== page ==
If you are heading to Manaus to board one of our Amazon riverboat cruises, good news! Manaus is the most readily-accessible city in the Amazon. Most European travelers arrive in Manaus via connecting flights from São Paulo or Rio de Janeiro. There are also direct flights from Miami and Atlanta, ideal for North American visitors. For those already in Brazil there are countless domestic flights arriving from most of the largest cities.
Founded in 2000, the core area of the Central Amazon Ecological Corridor is the World Heritage listed Central Amazon Biosphere Reserve. The reserve was formed by joining several smaller protected areas together, including Jau National Park, Mamirauá Reserve, Amanã Reserve, and the Anavilhanas Reserve to protect 20,859,987 ha of very diverse habitat.
The Central Amazon Ecological Corridor covers the most pristine habitat in the Amazon Jungle, the watershed of the Rio Negro. The Brazilian Institute for the Environment (IBAMA) joined the smaller reserves together to offer more protection for the flora and fauna, but also for scientific research. The area is a constantly changing mosaic of habitats, and it enables researchers to study the large scale effects of habitat change on surrounding biodiversity.
The area of the corridor towards the lower Rio Negro is called the Anavilhanas Ecological Reserve. The reserve contains flooded forest, high forest, sandy soil shrub land, and also flooded shrub land. Here you can find a rich diversity of wildlife, including a high number of animals that cannot be found anywhere else on Earth.
Animals of the Anavilhanas Reserve
The reserve protects the habitat of some of the most iconic species in all of Amazonia, including the threatened Amazon Manatee, jaguar; the world’s largest freshwater fish, the pirarucu; harpy eagles, giant river otters, caiman, black spider monkeys, and giant armadillos. The reserve also contains pink river dolphins, river otters, macaw parrots, toucans, among many others.
For bird watchers, 60% of the birds observed in the Central Amazon have been seen in this section of the Reserve. Records indicate there are around 25 species of amphibians and 42 species of reptiles, which is a comparatively small number for the Amazon. This is thought to be due to the flooded habitat, but black caiman and the South American river turtle are abundant.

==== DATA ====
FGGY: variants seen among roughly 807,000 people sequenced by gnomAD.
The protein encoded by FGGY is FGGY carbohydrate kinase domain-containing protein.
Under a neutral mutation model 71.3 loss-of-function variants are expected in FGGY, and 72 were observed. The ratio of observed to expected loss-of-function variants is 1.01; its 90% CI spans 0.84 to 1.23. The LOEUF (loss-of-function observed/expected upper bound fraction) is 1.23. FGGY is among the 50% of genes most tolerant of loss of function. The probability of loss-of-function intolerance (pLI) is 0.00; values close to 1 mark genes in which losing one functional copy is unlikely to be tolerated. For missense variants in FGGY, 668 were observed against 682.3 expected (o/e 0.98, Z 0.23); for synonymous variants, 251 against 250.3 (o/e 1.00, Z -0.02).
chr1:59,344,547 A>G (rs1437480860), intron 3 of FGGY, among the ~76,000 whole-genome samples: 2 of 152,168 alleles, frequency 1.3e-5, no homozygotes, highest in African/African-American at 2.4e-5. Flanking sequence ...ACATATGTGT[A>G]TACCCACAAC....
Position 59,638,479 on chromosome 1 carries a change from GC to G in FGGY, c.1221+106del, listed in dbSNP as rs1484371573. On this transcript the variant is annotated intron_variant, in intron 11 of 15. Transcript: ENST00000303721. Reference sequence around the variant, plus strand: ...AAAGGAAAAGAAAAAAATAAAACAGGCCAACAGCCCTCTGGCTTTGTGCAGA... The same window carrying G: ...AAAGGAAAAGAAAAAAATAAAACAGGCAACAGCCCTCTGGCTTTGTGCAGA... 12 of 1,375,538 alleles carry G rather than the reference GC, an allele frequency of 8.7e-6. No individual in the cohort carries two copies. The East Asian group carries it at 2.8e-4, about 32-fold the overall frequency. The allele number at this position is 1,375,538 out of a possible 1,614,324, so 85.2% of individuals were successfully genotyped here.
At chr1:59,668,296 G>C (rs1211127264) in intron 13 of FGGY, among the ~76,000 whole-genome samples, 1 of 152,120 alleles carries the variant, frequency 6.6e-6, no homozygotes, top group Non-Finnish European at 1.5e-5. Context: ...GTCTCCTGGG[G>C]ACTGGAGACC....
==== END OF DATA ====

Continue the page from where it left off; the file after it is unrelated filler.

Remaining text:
There is a high diversity of wildlife found in the reserve and of the Amazon’s 53 scientific families, only 13 were not found in the Anavilhanas
Santarém is a city in the state of Pará located at the confluence of the Tapajós and the Amazon River. It is named after the Portuguese city, and was once home to the indigenous Tapajós - after which the river is named - who controlled a large, agricultural chiefdom that flourished before the arrival of Europeans.
The city of some 350,000 inhabitants is an important regional market center in Lower Amazonia, located midway between the larger cities of Belém and Manaus, with an economy based on agriculture (especially soy), cattle-farming and mining. Tourism is another important activity in the region, with daily flights to Manaus and Belem; and the comfort class cruise ship the Amazon Dream operates out of here.
Like Manaus, Santarem features a fascinating 'meeting of the waters' whereby the Amazon River's milky-colored water, carrying sediment from the Andes in the East, runs side by side with the water of the Tapajós River, which is warmer and deep-blue in color, without mixing.
Half an hour's drive away is the village of Alter do Chão, located on the Tapajós River. The town is located at the entrance to a huge lagoon, Lago Verde, home to a myriad of animals explorable by canoe or stand-up paddle board. It is best known for its nearby picturesque white-sand island, known as Ilha do Amor (the Island of Love), which is especially striking in low water season from August to December.
Other eco-tourism highlights within striking distance of Santarem are Tapajoara Reserve and Tapajos National Park, along with a number of vibrant indigenous, riverside communities